Hiring the C students
When I worked at ACT, researchers there established that grades and test scores had zero correlation with adult-life accomplishment, provided that a basic level of skill and knowledge was gained—in other words, 20 years on, you could not tell from real-life accomplishments and professional standing who was an A student and who was a C student.
That was when and why ACT added the “out-of-class accomplishments” section to their test instrument. Scores on those scales also did not correlate with grades or test scores—but did correlate with later accomplishment, which makes sense: the best predictor of future performance is past performance (for people, not stocks and bonds). And it makes sense in this specific case: a person with the initiative, energy, and motivation to undertake out-of-class (unassigned) projects, those characteristics will likely persist, and in real life, those are just the ticket.
So we come to the rational decision that C students are a bargain, particularly if your interview focuses on specific out-of-class accomplishments (along these lines).
Whenever I return to my old university, I am always struck by how incredibly focused, purposeful and studious everyone seems to be. It fills me with despair.
It’s hard to tell the difference between a university and a business school nowadays. Where are all the hippies, the potheads and the commies? And why is everyone so intently serious and sober all the time? ‘Oh, it’s simple,’ a friend explained. ‘If you don’t get a 2:1 or a first nowadays, employers won’t look at your CV.’
So, as a keen game-theorist, I struck on an idea. Recruiting next year’s graduate intake for Ogilvy would be easy. We could simply place ads in student newpapers: ‘Headed for a 2:2 or a third? Finish your joint and come and work for us.’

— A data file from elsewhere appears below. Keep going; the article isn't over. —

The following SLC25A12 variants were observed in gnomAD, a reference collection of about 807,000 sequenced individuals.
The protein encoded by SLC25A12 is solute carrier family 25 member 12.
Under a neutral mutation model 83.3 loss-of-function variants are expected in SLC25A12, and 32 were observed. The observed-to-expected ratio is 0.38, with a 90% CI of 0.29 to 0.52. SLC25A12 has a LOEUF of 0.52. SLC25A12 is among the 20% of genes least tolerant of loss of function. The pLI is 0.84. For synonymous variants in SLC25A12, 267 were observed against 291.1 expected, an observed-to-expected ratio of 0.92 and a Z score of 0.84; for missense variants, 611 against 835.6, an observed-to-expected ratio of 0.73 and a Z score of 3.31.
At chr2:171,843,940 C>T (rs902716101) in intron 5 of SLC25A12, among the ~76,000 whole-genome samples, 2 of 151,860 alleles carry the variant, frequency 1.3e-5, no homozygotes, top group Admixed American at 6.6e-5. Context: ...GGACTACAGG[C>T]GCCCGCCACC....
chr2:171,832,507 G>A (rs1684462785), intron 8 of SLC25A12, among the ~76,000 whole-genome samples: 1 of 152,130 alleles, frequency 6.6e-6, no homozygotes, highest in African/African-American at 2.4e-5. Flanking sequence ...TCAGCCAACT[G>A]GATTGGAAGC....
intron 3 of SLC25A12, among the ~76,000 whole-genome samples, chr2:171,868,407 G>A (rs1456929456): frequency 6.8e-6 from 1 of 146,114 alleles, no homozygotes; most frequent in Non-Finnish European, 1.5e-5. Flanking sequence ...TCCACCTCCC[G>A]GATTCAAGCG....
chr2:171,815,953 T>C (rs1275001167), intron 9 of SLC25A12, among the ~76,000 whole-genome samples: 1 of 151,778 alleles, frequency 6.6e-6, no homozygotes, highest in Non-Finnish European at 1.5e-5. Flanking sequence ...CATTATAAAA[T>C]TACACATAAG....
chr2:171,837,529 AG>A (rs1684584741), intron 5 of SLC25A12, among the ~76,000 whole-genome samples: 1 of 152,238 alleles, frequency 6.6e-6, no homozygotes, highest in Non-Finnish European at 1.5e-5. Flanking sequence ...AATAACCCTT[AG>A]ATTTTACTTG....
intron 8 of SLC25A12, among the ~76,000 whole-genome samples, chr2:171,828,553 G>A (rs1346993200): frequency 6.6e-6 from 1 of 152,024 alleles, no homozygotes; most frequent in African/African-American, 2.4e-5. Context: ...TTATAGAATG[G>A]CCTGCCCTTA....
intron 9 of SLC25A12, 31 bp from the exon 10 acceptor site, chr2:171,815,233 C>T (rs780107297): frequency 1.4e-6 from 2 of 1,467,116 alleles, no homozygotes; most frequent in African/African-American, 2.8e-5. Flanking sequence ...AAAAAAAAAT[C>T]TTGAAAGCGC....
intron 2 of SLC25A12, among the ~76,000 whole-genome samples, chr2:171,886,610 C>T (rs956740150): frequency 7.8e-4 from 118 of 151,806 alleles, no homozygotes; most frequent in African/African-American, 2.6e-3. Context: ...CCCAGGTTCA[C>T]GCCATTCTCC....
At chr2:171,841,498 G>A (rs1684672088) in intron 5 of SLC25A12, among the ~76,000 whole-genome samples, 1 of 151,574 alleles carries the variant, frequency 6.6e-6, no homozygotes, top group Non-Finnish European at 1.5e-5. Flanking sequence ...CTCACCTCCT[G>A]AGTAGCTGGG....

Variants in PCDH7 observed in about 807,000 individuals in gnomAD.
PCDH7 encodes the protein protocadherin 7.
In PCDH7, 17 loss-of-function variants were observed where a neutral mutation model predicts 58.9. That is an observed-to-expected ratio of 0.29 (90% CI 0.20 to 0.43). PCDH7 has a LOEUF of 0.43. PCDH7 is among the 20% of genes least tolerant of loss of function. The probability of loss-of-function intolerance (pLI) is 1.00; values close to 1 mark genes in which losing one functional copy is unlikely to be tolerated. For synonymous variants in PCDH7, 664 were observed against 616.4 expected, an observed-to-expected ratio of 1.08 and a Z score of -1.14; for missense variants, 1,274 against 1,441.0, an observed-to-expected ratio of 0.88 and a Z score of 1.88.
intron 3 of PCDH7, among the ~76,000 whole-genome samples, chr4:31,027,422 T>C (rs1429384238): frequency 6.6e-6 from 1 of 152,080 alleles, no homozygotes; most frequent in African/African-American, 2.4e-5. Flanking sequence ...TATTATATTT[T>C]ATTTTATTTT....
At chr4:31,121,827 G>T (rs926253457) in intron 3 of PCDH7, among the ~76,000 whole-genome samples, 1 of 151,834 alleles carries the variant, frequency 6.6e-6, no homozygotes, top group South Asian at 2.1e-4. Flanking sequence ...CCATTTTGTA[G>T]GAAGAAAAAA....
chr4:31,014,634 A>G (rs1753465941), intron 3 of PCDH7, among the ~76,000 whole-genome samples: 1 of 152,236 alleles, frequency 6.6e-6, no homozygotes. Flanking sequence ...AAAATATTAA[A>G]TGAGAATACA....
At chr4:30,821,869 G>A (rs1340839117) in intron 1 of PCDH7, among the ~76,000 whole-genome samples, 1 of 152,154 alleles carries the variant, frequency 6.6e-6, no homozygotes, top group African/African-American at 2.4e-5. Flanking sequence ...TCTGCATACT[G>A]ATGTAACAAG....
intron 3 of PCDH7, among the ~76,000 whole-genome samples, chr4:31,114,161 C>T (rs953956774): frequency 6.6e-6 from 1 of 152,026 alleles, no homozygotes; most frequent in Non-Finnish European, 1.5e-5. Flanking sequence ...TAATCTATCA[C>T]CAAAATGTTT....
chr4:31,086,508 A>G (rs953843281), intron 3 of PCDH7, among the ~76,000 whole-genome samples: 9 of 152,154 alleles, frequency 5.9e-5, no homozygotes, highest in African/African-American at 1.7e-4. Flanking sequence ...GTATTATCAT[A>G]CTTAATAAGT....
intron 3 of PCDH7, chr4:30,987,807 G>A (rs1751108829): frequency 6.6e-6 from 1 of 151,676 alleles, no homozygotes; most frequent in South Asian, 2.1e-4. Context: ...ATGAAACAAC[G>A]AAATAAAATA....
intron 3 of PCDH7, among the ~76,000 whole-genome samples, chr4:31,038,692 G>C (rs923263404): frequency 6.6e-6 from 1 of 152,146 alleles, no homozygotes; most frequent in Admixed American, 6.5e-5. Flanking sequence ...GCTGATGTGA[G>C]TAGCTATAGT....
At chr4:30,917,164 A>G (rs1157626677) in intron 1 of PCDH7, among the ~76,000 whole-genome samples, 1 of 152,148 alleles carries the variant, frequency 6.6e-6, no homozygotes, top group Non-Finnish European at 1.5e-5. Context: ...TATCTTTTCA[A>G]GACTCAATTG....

Let me explain. I have asked around, and nobody has any evidence to suggest that, for any given university, recruits with first-class degrees turn into better employees than those with thirds (if anything the correlation operates in reverse). There are some specialised fields which may demand spectacular mathematical ability, say, but these are relatively few.
So my game theoretic instincts suggest that if we confine our recruitment efforts to people in the lower half of the degree ladder we shall have an exclusive appeal to a large body of people no less valuable than anyone else. And such people will be far more loyal hires, since we won’t be competing for their attention with deep-pocketed pimps in investment banking.
The logic is inarguable: the best people to hire (or date) are those undervalued by the market. (An expat friend of mine always dated Brooklyn girls for this reason: their accent seemed exotically alluring to him but was repellent to most New Yorkers.)
This approach will be familiar to readers of the book Moneyball, which records the story of the baseball manager Billy Beane. Given evidence showing that the metrics historically used to determine the value of a player did not best correspond to his value on the field, Beane made a series of hires which turned the cash-strapped Oakland Athletics into a surprise success.
So, in the absence of any evidence that degree-class is a predictor of value, why don’t businesses follow Moneyball and hire more inventively?
The answer is . . .
And he doesn’t include another reason for basing hiring decisions on academic achievement: covering one’s ass. If the candidate fails in the job, the hiring manager would rather say, “Well, don’t blame me! He had a Harvard/Stanford MBA” than, “We’ve been over this. I know he was a self-educated chicken farmer, but I was impressed at his knowledge, initiative, and drive,” etc. In other words, brushing off failure if you can shift the faulty judgment from yourself to someone else—Harvard/Stanford in this case. “It’s their fault, not mine!” seems to many a much better thing to say than, “Yeah, I made a mistake.”